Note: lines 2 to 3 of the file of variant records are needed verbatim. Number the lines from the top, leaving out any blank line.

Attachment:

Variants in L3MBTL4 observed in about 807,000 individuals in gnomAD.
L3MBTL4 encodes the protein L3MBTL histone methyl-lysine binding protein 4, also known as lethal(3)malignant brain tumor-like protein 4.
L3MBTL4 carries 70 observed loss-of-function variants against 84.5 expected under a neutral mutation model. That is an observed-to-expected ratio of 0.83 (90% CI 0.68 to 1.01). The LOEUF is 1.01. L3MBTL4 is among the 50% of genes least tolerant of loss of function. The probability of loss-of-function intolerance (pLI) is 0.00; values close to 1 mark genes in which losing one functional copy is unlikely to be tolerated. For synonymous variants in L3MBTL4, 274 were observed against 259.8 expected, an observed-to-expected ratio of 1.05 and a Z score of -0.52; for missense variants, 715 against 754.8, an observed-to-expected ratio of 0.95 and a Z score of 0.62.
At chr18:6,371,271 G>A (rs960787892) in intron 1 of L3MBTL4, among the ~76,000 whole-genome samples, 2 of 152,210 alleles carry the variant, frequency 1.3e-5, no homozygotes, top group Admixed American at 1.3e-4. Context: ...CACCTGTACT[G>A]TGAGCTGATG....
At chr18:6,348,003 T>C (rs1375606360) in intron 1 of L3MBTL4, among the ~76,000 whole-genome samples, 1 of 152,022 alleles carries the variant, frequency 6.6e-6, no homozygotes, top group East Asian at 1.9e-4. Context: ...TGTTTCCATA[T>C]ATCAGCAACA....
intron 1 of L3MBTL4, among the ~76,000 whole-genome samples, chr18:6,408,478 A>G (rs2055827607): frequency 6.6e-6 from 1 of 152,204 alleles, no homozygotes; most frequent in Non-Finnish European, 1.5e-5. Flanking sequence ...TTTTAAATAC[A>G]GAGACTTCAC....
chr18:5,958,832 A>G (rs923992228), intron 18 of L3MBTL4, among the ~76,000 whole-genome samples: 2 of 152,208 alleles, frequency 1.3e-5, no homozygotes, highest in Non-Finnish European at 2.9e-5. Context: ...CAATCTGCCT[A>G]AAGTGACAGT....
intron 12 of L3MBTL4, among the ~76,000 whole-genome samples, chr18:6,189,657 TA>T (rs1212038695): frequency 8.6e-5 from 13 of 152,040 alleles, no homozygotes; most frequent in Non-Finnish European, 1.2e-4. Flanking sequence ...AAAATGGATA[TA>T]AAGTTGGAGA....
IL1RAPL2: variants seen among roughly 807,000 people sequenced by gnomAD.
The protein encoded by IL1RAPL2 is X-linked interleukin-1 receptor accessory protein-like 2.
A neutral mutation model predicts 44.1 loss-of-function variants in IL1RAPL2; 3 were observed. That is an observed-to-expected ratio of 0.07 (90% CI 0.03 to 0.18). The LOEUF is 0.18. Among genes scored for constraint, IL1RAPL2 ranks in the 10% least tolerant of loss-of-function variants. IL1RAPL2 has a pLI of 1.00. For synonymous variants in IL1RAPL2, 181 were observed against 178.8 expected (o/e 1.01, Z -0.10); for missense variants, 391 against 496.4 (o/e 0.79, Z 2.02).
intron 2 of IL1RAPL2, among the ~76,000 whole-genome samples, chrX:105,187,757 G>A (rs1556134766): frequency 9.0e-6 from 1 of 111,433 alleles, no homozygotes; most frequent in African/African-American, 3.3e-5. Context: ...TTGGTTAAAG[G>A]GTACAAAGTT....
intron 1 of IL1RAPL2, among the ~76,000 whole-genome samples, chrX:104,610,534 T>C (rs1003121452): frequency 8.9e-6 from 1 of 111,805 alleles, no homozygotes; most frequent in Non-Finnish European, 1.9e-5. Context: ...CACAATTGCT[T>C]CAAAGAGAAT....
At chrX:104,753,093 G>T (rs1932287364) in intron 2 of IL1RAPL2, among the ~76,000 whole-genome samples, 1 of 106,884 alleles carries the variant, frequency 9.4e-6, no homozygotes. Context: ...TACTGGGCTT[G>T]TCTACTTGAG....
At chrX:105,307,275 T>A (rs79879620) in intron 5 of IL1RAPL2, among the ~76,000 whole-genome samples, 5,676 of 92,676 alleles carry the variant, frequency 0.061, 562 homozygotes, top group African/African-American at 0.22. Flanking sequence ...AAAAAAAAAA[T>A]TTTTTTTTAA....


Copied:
L3MBTL4 encodes the protein L3MBTL histone methyl-lysine binding protein 4, also known as lethal(3)malignant brain tumor-like protein 4.
L3MBTL4 carries 70 observed loss-of-function variants against 84.5 expected under a neutral mutation model. That is an observed-to-expected ratio of 0.83 (90% CI 0.68 to 1.01). The LOEUF is 1.01. L3MBTL4 is among the 50% of genes least tolerant of loss of function. The probability of loss-of-function intolerance (pLI) is 0.00; values close to 1 mark genes in which losing one functional copy is unlikely to be tolerated. For synonymous variants in L3MBTL4, 274 were observed against 259.8 expected, an observed-to-expected ratio of 1.05 and a Z score of -0.52; for missense variants, 715 against 754.8, an observed-to-expected ratio of 0.95 and a Z score of 0.62.